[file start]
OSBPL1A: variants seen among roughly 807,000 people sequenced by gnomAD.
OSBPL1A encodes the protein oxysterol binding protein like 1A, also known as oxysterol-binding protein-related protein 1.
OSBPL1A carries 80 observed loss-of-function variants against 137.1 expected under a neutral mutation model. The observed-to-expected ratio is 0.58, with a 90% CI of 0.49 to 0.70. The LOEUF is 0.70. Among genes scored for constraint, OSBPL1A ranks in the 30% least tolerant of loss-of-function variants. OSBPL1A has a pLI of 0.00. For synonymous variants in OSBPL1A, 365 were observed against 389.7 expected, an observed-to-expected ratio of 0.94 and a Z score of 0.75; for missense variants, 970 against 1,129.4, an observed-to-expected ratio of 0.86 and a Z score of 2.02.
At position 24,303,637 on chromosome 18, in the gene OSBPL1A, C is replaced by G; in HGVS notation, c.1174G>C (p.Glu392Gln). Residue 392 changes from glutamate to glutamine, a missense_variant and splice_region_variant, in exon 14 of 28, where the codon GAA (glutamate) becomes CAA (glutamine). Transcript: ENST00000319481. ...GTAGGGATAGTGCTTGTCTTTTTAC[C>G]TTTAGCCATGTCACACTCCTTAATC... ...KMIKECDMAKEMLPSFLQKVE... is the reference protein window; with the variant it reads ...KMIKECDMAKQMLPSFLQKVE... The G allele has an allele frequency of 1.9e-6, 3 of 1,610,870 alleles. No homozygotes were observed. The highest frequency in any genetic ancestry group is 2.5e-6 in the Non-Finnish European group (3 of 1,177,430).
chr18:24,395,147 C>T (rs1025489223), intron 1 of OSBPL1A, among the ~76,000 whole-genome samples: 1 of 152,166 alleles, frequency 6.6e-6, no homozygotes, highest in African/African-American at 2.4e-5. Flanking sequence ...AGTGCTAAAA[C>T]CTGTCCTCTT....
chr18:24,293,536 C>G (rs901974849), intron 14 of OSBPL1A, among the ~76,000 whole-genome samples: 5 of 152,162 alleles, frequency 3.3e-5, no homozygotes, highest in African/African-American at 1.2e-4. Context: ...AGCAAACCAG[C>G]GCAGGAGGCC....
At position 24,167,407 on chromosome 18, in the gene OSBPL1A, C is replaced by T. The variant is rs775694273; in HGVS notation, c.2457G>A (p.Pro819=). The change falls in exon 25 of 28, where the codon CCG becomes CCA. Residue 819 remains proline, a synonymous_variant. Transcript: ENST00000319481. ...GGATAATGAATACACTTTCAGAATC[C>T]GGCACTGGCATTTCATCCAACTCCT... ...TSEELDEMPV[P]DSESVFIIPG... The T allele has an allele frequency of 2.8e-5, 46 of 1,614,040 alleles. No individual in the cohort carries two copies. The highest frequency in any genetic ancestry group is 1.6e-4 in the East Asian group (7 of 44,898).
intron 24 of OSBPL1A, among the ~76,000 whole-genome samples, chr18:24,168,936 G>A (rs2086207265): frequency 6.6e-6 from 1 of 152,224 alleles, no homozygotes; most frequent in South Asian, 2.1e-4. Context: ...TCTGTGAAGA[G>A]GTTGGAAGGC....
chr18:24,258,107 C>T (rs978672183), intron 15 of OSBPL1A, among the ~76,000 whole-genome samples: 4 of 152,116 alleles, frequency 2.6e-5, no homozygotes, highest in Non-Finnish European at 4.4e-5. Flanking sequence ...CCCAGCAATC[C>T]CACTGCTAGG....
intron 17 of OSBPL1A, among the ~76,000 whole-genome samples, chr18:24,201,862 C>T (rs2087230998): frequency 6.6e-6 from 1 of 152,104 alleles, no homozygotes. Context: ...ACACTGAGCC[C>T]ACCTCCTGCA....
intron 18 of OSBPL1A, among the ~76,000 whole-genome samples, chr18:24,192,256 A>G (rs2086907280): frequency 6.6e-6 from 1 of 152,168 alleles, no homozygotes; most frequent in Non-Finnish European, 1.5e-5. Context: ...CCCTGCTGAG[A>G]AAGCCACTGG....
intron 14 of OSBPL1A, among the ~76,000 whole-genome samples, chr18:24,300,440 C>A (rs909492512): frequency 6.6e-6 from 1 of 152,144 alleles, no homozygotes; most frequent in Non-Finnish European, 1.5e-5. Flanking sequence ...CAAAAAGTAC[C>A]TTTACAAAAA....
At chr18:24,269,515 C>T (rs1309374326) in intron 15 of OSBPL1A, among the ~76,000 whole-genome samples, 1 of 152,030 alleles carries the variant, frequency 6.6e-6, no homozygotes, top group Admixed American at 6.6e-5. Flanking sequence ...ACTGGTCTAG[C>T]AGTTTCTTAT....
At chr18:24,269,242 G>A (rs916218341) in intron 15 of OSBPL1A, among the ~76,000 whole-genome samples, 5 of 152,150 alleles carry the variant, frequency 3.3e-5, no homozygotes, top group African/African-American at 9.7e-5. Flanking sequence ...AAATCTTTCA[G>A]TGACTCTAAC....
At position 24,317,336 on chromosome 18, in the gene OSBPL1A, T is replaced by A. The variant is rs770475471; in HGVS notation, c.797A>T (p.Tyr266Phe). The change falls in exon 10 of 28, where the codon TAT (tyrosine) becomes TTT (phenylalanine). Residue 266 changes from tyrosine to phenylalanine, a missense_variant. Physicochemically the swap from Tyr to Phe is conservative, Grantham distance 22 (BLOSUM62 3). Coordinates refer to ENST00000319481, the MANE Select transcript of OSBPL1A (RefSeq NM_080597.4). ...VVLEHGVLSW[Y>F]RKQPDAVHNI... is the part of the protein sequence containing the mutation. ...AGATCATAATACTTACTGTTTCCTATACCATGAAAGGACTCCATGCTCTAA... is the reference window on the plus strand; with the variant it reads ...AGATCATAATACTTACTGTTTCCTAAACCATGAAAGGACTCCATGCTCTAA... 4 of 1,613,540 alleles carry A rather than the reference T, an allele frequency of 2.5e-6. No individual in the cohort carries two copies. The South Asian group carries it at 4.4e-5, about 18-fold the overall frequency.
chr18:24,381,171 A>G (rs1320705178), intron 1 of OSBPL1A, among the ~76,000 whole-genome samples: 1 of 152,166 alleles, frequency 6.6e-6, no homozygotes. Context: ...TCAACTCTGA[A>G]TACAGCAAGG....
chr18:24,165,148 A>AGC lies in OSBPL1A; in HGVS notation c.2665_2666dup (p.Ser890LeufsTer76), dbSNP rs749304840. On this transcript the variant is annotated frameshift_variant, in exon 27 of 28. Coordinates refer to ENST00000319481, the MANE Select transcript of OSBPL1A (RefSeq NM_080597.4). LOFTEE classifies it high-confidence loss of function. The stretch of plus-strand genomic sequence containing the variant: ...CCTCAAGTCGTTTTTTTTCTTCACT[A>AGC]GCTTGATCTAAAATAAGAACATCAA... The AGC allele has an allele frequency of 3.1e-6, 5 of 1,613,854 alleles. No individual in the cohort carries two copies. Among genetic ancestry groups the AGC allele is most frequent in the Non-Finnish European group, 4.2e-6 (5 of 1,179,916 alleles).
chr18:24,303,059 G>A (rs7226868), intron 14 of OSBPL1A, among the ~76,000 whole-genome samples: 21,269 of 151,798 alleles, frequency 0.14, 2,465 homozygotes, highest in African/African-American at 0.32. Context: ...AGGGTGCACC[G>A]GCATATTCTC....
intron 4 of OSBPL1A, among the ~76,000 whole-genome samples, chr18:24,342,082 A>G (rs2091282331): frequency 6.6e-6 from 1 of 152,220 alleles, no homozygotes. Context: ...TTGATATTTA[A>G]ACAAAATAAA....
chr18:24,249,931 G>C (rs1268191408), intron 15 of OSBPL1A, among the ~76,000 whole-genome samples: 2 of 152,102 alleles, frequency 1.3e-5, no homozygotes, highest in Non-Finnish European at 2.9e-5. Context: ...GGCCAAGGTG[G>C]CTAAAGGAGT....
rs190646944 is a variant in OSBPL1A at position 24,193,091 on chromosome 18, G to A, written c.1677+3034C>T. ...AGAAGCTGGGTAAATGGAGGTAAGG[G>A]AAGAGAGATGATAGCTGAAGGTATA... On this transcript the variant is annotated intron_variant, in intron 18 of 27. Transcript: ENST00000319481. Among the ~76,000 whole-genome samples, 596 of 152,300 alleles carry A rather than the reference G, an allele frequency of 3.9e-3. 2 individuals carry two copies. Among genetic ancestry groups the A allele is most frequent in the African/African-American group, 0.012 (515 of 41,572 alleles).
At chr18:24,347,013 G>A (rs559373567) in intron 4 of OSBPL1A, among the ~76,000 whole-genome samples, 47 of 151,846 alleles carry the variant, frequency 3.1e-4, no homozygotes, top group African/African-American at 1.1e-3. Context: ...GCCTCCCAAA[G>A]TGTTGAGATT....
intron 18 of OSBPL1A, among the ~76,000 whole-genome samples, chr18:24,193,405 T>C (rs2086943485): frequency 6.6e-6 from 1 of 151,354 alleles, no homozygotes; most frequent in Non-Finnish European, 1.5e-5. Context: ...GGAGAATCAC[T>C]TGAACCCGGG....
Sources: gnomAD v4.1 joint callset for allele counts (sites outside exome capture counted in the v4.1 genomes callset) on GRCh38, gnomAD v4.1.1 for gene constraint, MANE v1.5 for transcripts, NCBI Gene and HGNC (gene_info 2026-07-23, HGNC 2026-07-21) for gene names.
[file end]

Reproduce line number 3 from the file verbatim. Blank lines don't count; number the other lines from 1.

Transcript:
OSBPL1A carries 80 observed loss-of-function variants against 137.1 expected under a neutral mutation model. The observed-to-expected ratio is 0.58, with a 90% CI of 0.49 to 0.70. The LOEUF is 0.70. Among genes scored for constraint, OSBPL1A ranks in the 30% least tolerant of loss-of-function variants. OSBPL1A has a pLI of 0.00. For synonymous variants in OSBPL1A, 365 were observed against 389.7 expected, an observed-to-expected ratio of 0.94 and a Z score of 0.75; for missense variants, 970 against 1,129.4, an observed-to-expected ratio of 0.86 and a Z score of 2.02.